Things to know about the latest court rulings and statehouse action over transgender rights
Jul 13, 2023, 11:33 AM
(AP Photo/Ben McKeown, File)
Five transgender children and their families sued Texas this week over a law that would bar transgender care for them and other minors, adding more uncertainty to the fate of policies to curtail the rights of transgender people.
Most GOP-controlled states in the past few years have passed similar laws or others that would keep transgender people from using school bathrooms to match their gender identity or to ban them from some sports teams.
Here’s a look at recent developments and where laws on transgender issues stand.
The Texas lawsuit filed Wednesday seeks to put on hold a ban on puberty-blocking drugs, hormone treatment and gender-affirming surgeries for minors that’s scheduled to take effect Sept. 1.
The challenge asserts that the law deprives parents of fundamental rights to care for their children, discriminates based on sex and transgender status, and violates the rights of healthcare providers to engage in their occupations.
At least 20 states have limited gender-affirming care for minors; half of those policies are not in effect, primarily because they’re so new they haven’t kicked in yet.
But they’re also facing legal challenges. Since June, federal judges in Kentucky have put the bans on hold while they consider lawsuits filed by families of transgender children.
So far, only one court has issued a ruling favoring a ban.
The 2-1 decision from the Cincinnati-based Sixth U.S. Circuit Court of Appeals on Saturday allowed enforcement of Tennessee’s restrictions to take effect while appeals move ahead. The court said it was aiming to have the case resolved by Sept. 30.
A lower court had put the law on hold last month, just before it was to take effect on July 1. The district judge left in place a ban on gender-affirming surgeries for minors, which are rare. The state government made an emergency appeal.
The ruling means that those under 18 in Tennessee cannot start puberty-blocking drugs or hormone therapies. But under the law, minors already receiving treatments could continue to do so through March 2024.
Kansas must stop allowing transgender people to pair of state court rulings this week.
The rulings come in a legal dispute between the state’s Republican attorney general and Democratic governor on the implications of a new law that took effect this month over the governor’s veto. That new law defines a person’s sex as male or female based on the “biological reproductive system” identified at birth, applying that definition to any state law or regulation.
Gov. Laura Kelly had said the state would continue changing driver’s licenses so the sex listed would match the identity of transgender people, but Attorney General Kris Kobach sued to stop it.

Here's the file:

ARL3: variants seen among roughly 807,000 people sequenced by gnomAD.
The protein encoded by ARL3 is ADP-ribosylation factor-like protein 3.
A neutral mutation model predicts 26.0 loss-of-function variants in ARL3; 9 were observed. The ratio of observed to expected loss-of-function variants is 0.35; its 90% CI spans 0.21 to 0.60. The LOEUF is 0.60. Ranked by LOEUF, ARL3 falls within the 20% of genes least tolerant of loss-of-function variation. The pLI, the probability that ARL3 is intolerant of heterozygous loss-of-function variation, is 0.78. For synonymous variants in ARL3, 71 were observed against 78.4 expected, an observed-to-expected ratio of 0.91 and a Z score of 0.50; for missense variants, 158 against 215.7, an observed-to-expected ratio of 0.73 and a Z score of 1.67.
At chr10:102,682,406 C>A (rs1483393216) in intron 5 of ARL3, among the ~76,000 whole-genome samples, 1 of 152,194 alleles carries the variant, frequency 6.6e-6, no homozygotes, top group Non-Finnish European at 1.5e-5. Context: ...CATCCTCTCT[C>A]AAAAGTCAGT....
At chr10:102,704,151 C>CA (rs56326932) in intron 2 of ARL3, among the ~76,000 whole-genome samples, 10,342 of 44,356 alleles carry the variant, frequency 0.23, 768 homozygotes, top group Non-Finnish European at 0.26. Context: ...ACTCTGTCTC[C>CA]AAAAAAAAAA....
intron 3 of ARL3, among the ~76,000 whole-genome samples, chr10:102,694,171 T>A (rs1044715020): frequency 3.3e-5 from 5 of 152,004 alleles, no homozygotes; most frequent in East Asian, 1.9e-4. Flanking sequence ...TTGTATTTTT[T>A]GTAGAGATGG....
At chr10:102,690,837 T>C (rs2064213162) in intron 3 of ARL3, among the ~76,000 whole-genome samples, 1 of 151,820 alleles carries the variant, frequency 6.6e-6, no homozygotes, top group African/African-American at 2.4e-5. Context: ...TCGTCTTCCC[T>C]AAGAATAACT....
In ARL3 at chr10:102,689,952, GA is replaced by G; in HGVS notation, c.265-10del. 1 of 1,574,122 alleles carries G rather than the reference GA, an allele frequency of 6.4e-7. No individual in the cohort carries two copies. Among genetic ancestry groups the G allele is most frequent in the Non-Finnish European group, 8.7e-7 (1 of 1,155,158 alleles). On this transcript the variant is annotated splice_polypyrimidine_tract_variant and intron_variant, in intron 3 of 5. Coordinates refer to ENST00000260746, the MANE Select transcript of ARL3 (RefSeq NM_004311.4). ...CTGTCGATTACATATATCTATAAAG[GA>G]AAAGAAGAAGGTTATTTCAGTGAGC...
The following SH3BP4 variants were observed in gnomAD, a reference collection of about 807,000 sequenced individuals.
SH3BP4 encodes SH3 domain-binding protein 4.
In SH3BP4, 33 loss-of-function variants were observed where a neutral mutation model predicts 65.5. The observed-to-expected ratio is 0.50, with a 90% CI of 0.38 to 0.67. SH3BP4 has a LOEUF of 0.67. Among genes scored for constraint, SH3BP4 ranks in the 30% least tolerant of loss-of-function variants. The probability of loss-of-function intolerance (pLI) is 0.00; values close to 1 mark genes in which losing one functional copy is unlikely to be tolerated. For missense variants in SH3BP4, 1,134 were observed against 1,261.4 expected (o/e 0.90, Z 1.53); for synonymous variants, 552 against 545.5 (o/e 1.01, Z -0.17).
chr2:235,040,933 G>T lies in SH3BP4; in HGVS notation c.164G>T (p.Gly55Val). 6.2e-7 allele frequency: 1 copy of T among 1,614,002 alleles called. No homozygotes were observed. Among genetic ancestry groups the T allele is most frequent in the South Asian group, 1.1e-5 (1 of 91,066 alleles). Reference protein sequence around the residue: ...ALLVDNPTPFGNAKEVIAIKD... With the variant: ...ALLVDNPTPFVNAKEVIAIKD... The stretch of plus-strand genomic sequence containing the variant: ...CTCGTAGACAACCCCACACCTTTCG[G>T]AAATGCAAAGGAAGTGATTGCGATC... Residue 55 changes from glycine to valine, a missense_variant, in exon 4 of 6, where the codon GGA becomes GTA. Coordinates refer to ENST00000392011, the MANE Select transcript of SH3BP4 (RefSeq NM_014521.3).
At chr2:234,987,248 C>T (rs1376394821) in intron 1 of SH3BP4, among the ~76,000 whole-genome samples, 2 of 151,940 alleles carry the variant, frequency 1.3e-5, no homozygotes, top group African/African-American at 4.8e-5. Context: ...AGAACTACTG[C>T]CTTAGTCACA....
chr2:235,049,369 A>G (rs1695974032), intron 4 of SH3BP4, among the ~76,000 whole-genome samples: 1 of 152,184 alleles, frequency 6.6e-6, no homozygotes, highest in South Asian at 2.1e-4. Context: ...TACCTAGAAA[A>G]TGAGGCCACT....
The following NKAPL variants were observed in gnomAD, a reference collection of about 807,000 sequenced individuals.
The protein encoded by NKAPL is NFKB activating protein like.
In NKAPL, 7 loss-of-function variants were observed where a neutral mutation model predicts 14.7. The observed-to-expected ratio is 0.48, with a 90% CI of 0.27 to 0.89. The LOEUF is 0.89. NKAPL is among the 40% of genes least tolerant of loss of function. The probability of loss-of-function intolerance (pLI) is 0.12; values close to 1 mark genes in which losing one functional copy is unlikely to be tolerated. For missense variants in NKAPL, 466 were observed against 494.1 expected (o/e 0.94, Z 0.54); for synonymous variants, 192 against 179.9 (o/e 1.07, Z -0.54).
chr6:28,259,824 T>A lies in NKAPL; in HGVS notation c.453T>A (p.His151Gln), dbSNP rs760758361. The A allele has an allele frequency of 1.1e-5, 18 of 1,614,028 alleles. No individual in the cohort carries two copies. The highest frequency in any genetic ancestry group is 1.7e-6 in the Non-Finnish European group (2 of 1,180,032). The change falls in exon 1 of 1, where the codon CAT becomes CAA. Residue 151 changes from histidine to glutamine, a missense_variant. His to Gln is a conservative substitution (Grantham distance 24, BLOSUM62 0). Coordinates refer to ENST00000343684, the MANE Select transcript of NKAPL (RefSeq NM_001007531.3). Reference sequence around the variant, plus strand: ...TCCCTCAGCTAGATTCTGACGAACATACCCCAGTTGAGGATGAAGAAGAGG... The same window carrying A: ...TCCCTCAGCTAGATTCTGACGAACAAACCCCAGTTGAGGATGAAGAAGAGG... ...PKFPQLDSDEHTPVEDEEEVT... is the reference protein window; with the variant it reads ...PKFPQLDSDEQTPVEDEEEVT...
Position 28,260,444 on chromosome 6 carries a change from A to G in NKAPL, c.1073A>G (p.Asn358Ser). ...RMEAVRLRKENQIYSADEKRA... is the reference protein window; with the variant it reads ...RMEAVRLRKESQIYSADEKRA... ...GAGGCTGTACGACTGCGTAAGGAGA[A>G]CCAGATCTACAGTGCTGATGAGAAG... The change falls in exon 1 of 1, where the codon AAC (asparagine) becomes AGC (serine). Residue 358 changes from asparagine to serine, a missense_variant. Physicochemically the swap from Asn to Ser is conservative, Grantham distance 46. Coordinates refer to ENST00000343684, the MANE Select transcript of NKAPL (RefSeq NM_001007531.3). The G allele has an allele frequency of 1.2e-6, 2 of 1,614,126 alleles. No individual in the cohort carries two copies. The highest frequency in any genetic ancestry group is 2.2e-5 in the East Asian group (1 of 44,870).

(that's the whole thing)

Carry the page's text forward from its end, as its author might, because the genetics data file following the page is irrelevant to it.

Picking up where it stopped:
A judge has twice sided with Kobach. In a ruling Wednesday, she declared that the 172 transgender people who rushed in June to change their licenses while they still could created a “public safety concern.”
The ban on license changes is set to expire on July 24, but Judge Teresa Watson indicated she’ll have a heading on whether to extend it past then.
The majority of states allow gender marker changes on driver’s licenses and about half do so on birth certificates, too.
The legal battle in Kansas does not address whether changes can be made to birth certificates, which the state has been modifying since settling a lawsuit in 2019.
A federal judge ruled last week that a Wisconsin school district cannot enforce for now a requirement that transgender students use bathrooms and locker rooms that match the sex they were assigned at birth.
The challenge to the policy was filed anonymously by an 11-year-old transgender student and her mother.
The case is not over yet, but the judge indicated that the student’s claims would likely prevail in a trial, so the district must stop enforcing its rule while it’s decided.
The judge cited a similar Wisconsin case from six years ago that blocked bathroom restrictions.
At least two ruled in favor of transgender students in at least two bathroom cases in recent years.
These legal battles all concern school district policy, but at least nine states are currently enforcing restrictions on which bathrooms transgender students can use.
Lawmakers in North Carolina are expected to vote in the next week or so to override Democratic Gov. Roy Cooper’s vetoes of three measures that would place restrictions on transgender people.
One would bar medical professionals from providing hormone therapy, puberty-blocking drugs and surgical gender-transition procedures to minors starting Aug. 1. Another would restrict transgender students’ participation in school sports. The third would limit classroom discussion on gender identity and sexuality.
All three are versions of bills Republican-controlled states across the U.S. have been adopting lately and at an accelerating pace this year.
At least 22 states have adopted sports restrictions, though enforcement has been put on hold by courts in three of them. At least five have limited teaching on sexuality and gender identity.
restricted abortion access.